Joint 69th Annual Southeastern / 55th Annual Northeastern Section Meeting - 2020

Paper No. 10-18
Presentation Time: 8:00 AM-12:00 PM


RUGER, Edward C.V.1, REIN, Isabelle M.T.1, CONNORS, L.1 and CARLEY, Tamara L.2, (1)Department of Geology and Environmental Geosciences, Lafayette College, Easton, PA 18042, (2)Geology and Environmental Geosciences, Lafayette College, 116 Van Wickle Hall, Easton, PA 18042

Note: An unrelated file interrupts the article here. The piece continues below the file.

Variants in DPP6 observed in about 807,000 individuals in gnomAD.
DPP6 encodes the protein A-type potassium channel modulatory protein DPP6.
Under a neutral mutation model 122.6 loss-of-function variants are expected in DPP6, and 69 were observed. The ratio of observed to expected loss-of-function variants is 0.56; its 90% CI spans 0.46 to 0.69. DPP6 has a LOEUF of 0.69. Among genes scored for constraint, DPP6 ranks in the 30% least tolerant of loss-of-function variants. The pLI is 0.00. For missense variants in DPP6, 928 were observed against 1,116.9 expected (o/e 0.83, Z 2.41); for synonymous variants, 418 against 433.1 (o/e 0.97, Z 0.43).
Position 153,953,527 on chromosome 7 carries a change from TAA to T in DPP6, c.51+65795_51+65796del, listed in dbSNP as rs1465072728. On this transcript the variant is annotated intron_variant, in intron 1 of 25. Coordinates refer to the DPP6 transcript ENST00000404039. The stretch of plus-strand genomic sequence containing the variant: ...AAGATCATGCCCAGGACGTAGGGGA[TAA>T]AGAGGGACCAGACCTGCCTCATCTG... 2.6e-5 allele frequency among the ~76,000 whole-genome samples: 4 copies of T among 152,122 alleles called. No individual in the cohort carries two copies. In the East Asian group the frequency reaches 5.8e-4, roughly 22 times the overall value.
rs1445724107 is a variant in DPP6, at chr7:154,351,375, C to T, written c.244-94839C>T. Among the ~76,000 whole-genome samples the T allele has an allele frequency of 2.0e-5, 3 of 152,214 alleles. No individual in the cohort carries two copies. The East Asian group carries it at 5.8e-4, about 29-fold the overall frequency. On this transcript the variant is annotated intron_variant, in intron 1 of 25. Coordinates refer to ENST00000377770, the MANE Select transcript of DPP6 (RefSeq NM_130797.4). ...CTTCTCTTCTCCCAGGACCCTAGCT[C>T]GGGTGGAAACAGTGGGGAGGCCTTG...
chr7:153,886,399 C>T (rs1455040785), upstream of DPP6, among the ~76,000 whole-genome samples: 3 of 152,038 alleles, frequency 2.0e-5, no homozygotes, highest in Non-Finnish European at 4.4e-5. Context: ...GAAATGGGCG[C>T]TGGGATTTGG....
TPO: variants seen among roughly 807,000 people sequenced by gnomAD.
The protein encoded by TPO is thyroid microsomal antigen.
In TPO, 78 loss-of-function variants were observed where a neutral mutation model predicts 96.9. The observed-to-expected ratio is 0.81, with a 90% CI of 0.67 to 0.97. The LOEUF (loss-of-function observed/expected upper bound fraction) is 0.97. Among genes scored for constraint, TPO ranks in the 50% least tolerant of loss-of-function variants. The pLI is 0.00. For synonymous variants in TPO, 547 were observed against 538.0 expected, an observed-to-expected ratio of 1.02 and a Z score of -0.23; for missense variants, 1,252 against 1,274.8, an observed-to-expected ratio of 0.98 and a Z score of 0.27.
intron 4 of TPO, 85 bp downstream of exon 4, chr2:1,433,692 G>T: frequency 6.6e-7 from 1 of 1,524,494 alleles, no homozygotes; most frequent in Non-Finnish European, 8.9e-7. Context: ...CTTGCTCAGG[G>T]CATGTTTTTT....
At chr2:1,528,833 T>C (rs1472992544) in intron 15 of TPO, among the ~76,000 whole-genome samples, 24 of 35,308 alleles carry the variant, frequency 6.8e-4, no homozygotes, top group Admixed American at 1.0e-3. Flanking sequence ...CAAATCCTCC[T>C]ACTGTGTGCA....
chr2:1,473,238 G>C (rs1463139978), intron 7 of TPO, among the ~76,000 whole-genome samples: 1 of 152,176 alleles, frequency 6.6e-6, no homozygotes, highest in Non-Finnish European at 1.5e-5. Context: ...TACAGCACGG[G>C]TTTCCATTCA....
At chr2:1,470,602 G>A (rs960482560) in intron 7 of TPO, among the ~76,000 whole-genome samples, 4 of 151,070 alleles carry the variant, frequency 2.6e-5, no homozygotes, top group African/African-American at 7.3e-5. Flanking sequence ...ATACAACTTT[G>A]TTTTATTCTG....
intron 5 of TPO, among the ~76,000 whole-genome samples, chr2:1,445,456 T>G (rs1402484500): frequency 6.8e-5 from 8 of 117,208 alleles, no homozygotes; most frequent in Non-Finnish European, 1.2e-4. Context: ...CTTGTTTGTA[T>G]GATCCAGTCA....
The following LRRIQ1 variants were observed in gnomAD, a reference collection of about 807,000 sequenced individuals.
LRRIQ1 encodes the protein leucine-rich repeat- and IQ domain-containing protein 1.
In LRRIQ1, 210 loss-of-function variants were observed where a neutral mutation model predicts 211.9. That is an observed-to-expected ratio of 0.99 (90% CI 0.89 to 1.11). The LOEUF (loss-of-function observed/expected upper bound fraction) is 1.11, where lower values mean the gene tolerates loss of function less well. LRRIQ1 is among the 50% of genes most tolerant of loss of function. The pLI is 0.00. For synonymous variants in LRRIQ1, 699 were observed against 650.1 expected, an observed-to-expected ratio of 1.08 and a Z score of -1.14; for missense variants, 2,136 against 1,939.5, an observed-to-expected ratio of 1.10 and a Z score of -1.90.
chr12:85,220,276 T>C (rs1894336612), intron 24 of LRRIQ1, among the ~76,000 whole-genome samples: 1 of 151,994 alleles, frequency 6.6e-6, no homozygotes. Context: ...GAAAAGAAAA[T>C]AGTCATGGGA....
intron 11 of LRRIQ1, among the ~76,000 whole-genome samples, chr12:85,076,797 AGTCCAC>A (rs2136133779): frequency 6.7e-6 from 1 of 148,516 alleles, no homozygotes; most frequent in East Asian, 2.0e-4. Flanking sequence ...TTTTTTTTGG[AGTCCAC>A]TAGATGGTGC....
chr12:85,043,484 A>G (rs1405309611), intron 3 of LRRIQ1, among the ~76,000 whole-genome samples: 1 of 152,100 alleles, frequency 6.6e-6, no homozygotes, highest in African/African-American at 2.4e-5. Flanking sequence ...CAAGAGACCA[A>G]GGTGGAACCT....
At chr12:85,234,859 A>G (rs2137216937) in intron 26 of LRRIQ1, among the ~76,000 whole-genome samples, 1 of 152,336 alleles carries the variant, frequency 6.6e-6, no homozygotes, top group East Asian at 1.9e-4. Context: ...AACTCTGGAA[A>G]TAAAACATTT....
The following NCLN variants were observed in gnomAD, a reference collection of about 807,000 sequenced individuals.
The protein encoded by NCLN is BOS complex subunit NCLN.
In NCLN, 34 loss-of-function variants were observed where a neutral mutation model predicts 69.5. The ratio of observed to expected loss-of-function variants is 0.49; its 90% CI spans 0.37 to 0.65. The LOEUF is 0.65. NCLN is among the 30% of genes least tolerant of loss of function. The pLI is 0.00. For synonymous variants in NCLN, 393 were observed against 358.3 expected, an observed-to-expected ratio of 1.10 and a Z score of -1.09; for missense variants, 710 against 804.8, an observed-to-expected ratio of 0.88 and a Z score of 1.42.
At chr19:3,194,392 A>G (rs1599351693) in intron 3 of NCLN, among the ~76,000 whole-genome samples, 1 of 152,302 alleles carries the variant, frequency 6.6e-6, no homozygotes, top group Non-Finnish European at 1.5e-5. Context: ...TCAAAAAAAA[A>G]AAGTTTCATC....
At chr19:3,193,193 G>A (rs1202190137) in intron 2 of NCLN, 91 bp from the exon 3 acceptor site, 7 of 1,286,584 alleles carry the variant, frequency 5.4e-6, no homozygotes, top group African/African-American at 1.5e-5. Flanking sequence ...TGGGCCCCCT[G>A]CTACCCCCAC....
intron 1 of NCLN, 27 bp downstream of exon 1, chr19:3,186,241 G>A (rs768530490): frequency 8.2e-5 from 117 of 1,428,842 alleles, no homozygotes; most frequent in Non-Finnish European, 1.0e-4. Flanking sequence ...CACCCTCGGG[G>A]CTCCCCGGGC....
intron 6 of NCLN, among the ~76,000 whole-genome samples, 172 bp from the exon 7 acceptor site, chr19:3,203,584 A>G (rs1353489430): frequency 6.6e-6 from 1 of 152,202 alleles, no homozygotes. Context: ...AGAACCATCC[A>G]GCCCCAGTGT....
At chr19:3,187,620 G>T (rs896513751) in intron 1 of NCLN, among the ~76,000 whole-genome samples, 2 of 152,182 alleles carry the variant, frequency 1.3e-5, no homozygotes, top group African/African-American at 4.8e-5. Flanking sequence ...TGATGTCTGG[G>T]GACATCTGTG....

Iceland is an island located in the North Atlantic near the Arctic Circle, sitting at the intersection of the Icelandic mantle plume and the Mid Atlantic Ridge. The crust of Iceland is diverse, containing all varieties of volcanic products, including rhyolites. Apatite is a ubiquitous accessory mineral in Icelandic rhyolites. Apatite is able to withstand a large amount of structural distortion (Pan & Fleet, 2002), which allows for the incorporation of Light Rare Earth Elements (LREEs) into its structure. Recent data suggests that Icelandic apatite is capable of accommodating particularly high levels of LREEs (up to 18.9% by weight; Connors et al. in press). The study found elevated concentrations of each LREE investigated (La, Ce, Nd) within several volcanic units of Torfajökull. The lowest concentrations of LREEs in apatites at Torfajokull were 0.5-2.5 wt%, compared to a more typical REE value of 0.5% (Connors et al. in press; Pan & Fleet, 2002) with units of higher concentrations containing 14 combined wt % on average). The purposes of this study are to: (1) determine if elevated concentrations of REEs within apatites are pervasive in Iceland beyond Torfajökull; and (2) understand the economic implications of having elevated REE abundances in accessory minerals. Samples were collected downstream of Vatnajökull due to potential liberation and concentration of REE-enriched apatite as Vatnajökull is a glacier and massive generator of loose sediment in southeastern Iceland. This study functions as a survey of glacially derived sediments collected in multiple river systems downstream of Vatnajökull (Lagarfljót-Fljótsdal to the northeast, Jökulsá á Fjöllum to the north, Jökulsá i Loni to the southeast). Electron Probe Microanalysis (EPMA), Scanning Electron Microscope (SEM), and Cathodoluminescence (CL) analyses are used to characterize the compositions of Icelandic apatite. Regardless of whether or not REE concentrations within Icelandic apatite are found to be uniformly high, this study will contribute to a greater understanding of Icelandic apatite compositions, which will be useful for future petrologic research.